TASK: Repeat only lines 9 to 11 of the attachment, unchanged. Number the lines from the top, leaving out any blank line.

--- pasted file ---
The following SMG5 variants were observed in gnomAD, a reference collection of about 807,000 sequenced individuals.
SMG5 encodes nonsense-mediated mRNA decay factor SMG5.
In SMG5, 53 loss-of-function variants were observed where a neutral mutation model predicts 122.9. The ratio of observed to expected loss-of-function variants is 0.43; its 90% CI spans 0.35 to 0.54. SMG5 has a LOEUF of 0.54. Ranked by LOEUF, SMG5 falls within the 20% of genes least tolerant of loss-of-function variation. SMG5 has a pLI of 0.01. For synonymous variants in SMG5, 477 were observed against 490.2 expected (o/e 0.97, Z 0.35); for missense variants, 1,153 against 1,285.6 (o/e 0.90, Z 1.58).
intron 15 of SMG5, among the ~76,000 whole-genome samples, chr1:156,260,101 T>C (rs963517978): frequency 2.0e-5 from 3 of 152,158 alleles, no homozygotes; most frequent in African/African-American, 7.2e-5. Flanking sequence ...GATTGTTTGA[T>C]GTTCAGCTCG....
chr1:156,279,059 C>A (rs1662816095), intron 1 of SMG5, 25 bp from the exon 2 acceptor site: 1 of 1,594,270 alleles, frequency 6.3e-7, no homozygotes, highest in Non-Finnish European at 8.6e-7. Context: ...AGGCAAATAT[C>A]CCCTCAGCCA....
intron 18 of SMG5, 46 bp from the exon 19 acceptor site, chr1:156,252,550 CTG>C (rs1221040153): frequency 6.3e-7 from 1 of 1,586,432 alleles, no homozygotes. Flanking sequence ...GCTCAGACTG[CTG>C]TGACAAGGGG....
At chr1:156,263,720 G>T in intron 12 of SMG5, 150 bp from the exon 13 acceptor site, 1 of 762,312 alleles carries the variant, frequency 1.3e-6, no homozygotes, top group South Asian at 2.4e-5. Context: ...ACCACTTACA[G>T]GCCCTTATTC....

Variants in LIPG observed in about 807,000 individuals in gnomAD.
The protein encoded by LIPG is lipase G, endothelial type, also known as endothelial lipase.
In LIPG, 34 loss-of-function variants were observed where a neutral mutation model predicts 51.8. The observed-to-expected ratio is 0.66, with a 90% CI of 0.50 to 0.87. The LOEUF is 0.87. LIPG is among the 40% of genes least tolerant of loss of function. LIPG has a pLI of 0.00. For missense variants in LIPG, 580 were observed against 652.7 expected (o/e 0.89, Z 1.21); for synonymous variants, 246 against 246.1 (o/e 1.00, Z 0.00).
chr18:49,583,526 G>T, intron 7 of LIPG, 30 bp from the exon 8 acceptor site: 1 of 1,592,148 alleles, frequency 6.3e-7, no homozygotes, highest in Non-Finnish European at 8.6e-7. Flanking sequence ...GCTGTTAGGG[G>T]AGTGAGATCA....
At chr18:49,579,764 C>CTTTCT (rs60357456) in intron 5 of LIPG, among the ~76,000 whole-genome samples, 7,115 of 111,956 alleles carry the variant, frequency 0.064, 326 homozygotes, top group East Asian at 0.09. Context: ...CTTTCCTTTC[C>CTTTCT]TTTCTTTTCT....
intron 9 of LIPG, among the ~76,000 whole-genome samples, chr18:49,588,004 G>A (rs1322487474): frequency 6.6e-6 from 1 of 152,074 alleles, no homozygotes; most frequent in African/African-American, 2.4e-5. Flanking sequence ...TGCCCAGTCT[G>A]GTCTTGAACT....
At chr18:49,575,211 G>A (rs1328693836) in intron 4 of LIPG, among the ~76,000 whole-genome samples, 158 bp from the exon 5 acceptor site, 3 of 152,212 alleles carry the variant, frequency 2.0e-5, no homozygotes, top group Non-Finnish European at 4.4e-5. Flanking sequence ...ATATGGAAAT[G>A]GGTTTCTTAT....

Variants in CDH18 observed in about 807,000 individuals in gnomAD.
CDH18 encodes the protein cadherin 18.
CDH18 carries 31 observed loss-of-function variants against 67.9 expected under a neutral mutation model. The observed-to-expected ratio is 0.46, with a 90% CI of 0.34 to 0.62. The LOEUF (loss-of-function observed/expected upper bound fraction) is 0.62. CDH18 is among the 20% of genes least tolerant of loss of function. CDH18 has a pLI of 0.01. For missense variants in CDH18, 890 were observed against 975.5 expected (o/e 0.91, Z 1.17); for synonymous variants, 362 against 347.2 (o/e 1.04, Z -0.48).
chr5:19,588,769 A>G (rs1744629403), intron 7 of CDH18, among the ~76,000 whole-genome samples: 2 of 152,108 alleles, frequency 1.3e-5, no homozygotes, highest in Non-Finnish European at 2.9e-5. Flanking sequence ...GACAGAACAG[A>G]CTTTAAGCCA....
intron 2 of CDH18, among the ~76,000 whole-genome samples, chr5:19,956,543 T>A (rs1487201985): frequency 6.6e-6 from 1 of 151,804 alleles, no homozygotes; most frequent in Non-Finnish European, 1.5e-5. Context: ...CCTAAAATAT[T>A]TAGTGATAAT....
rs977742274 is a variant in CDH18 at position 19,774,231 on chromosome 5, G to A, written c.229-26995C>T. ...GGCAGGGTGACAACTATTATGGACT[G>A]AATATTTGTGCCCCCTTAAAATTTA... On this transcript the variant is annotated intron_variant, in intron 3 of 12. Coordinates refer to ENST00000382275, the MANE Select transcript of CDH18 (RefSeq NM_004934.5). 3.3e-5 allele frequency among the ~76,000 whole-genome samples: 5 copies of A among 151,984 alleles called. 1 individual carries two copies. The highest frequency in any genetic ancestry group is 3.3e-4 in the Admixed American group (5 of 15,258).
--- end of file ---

The protein encoded by LIPG is lipase G, endothelial type, also known as endothelial lipase.
In LIPG, 34 loss-of-function variants were observed where a neutral mutation model predicts 51.8. The observed-to-expected ratio is 0.66, with a 90% CI of 0.50 to 0.87. The LOEUF is 0.87. LIPG is among the 40% of genes least tolerant of loss of function. LIPG has a pLI of 0.00. For missense variants in LIPG, 580 were observed against 652.7 expected (o/e 0.89, Z 1.21); for synonymous variants, 246 against 246.1 (o/e 1.00, Z 0.00).
chr18:49,583,526 G>T, intron 7 of LIPG, 30 bp from the exon 8 acceptor site: 1 of 1,592,148 alleles, frequency 6.3e-7, no homozygotes, highest in Non-Finnish European at 8.6e-7. Flanking sequence ...GCTGTTAGGG[G>T]AGTGAGATCA....